America COMPETES Act Reauthorization Raises Concerns for Researchers
America COMPETES Act Reauthorization Raises Concerns for Researchers
America COMPETES Act Reauthorization Raises Concerns for Researchers

November 2013

Congressional committees with jurisdiction over science in the House of Representatives and Senate have started their consideration of the reauthorization of the America COMPETES Act. The law, last reauthorized in 2010, funds STEM education and research programs at several federal scientific agencies, including the National Science Foundation (NSF).

Republicans and Democrats on the House Science Committee released draft discussion bills earlier this month. The Republican bill, the Frontiers in Innovation, Research, Science, and Technology (FIRST) Act, includes a sense of Congress statement that the social and behavioral sciences are important as part of all scientific disciplines. However, the bill also lists criteria for research grants to meet and requires that the NSF Director make an affirmative determination and certification before funding can be awarded.

The language in the bill pertaining to peer review at NSF was the major focus of a House Research and Technology Subcommittee hearing on the FIRST Act on November 13. Witnesses raised concerns about the burdens of tasking one person with signing off on all NSF grants, the effects that the NSF director’s approval would have on the appeals process, and the implications of a top-down system for research.

Two Republicans on the subcommittee, chair Larry Bucshon (R-IN) and David Schweikert (R-AZ), advocated for changes to the peer review system. Ranking member Dan Lipinski (D-IL) sought clarification on how to define the “national interest” criterion that would be included in the proposed NSF director’s determination and expressed concerns that it would be either too narrow or too broad.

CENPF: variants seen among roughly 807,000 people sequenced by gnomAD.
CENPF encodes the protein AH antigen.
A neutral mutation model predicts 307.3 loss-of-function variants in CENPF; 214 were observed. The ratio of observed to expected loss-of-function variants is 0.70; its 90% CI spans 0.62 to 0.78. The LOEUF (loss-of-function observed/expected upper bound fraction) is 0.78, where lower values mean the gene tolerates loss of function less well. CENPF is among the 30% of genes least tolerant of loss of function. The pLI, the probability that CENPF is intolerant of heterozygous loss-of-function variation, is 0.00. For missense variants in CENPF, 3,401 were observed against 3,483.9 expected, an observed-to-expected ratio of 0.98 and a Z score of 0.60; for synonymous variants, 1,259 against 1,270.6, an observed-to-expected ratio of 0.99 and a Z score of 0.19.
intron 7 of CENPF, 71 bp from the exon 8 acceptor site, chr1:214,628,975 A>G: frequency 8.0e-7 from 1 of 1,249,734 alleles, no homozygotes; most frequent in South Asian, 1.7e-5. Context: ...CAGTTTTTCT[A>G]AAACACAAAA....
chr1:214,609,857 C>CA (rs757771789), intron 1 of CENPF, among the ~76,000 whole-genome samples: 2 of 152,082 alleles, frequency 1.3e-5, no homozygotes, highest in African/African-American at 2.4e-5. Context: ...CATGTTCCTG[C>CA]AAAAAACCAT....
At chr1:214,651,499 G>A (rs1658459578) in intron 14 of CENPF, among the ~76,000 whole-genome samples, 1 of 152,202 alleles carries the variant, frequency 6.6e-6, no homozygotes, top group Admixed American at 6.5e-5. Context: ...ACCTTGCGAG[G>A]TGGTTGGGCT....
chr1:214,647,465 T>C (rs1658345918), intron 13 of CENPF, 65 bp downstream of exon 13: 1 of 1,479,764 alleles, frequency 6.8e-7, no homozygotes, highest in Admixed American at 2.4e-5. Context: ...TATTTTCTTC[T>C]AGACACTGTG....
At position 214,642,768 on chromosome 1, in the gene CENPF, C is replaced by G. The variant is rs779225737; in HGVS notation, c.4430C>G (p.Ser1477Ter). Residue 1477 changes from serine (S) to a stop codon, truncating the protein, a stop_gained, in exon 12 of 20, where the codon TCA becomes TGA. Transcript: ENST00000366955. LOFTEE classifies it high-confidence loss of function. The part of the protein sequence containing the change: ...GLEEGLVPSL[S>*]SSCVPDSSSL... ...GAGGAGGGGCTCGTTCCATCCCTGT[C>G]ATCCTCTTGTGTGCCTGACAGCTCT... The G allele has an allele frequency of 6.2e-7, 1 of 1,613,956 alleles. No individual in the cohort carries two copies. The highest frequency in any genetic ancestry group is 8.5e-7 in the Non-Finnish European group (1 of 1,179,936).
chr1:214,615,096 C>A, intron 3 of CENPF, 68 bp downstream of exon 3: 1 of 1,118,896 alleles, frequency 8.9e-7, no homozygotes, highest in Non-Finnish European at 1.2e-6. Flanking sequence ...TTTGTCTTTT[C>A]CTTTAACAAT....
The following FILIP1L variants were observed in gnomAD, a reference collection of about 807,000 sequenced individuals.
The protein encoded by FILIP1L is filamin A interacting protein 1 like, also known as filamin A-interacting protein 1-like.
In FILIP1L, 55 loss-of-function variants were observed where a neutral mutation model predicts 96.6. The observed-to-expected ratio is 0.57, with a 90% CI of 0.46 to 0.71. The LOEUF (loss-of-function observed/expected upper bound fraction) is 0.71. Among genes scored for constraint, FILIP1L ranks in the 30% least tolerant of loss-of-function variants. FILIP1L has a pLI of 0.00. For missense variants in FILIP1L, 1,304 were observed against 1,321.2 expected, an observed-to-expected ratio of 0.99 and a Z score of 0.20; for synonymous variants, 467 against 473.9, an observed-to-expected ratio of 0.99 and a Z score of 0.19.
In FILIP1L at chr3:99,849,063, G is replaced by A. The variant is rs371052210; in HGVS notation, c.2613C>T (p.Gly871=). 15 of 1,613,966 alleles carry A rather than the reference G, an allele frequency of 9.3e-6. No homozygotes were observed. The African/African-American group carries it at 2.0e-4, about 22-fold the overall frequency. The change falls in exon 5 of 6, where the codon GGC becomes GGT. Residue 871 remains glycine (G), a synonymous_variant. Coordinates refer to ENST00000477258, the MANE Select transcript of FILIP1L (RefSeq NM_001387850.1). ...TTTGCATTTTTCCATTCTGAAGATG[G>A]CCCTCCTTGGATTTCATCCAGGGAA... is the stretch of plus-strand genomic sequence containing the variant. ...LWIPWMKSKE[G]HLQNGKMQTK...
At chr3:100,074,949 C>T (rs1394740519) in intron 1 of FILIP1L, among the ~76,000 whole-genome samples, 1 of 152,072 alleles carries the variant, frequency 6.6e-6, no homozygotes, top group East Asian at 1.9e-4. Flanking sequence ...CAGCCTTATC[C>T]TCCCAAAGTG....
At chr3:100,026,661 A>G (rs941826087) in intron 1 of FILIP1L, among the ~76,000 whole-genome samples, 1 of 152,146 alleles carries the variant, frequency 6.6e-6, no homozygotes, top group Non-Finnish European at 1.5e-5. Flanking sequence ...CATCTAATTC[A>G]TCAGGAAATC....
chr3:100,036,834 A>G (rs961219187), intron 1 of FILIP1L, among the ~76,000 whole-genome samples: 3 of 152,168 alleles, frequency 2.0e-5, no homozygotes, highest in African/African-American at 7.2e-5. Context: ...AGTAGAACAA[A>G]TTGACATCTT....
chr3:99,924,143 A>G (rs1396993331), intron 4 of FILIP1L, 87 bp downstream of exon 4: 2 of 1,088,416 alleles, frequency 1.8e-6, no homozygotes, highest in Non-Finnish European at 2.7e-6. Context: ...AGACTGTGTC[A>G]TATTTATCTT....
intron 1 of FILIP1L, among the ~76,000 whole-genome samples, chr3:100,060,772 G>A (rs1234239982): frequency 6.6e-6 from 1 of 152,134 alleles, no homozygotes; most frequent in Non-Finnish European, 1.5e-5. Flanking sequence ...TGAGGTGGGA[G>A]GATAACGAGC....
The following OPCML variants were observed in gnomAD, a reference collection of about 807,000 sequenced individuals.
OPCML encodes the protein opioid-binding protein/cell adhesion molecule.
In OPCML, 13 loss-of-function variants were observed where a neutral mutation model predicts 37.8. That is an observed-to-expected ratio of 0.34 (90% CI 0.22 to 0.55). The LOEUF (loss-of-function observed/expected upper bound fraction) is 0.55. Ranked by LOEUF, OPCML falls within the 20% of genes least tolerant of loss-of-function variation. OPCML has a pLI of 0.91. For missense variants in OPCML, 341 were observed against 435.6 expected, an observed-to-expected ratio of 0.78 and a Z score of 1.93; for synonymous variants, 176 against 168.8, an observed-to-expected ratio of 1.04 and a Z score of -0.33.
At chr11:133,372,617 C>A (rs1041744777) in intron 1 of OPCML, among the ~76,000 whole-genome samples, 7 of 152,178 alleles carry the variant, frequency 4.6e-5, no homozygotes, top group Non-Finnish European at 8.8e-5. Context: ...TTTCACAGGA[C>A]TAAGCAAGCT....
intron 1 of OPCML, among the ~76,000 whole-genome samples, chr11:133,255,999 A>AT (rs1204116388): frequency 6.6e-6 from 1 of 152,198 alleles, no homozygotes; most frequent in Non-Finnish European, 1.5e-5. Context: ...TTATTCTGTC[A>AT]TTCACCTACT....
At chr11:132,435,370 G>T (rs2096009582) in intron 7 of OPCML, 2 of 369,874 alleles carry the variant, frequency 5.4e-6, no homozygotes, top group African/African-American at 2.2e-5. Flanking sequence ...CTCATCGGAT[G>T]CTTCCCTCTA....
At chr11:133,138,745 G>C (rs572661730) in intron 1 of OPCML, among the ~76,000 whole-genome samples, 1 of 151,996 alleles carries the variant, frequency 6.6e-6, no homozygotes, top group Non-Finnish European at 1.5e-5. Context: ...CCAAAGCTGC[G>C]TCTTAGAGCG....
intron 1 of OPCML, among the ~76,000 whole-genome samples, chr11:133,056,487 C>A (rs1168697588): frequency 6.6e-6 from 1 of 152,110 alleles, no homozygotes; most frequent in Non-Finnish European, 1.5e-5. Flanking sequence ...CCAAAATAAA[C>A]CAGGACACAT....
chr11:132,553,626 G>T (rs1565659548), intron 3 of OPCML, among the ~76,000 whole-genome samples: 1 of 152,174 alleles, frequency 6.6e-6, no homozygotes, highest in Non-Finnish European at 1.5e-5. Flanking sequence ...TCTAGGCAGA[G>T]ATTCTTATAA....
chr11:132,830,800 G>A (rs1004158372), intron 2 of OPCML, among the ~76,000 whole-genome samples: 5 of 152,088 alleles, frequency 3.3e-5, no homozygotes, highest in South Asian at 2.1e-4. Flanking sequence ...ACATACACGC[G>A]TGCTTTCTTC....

The draft bill also includes stipulations with the potential to erode support for research in the social and behavioral sciences, and it places additional burdens both on prospective grantees and on the agency:

  •  NSF directorates other than the Social, Behavioral and Economic Sciences Directorate can fund social and behavioral science research if the research is determined to be of higher priority than other research within the directorate.
  • NSF would be required to establish procedures to ensure that any grant awarded is not duplicative of other federally funded research, that PIs include a list of all of their federal research awards and any awards for which they have proposals pending, and that PIs who have received more than five years of NSF funding receive further funding only if they will be contributing “substantial original research.

The America COMPETES bill from the House Science Committee Democrats includes a strong sense of Congress statement in support of the social and behavioral sciences and of NSF’s merit review process. Democrats are proposing the establishment of the Advanced Research Projects Agency for Education (ARPA-ED) as part of the Department of Education’s Investing in Innovation program, and a Grand Challenges in Education Research program at NSF. The bill will also request that the National Research Council and NSF collaborate on a report on “STEAM”—adding the arts as part of STEM education.

One bipartisan area of both bills is the pushback against the Obama administration’s plan to consolidate STEM education programs in the FY2014 budget without an opportunity for significant stakeholder input.  Both bills establish a STEM Advisory Panel to develop recommendations for federal STEM education programs that would require stakeholder input for any future reorganization.

On the other side of Capitol Hill, the Senate Commerce, Science, and Transportation Committee held a hearing on the law on November 6. Senator Lamar Alexander (R-TN), who shepherded the original America COMPETES Act, served as a witness as part of this hearing and expressed his support for the reauthorization. In addition, he called for the committee to encourage the respective appropriations committee to “finish the job” to double the budgets of the major federal scientific research agencies, as was intended in the original iteration of the law passed in 2007.

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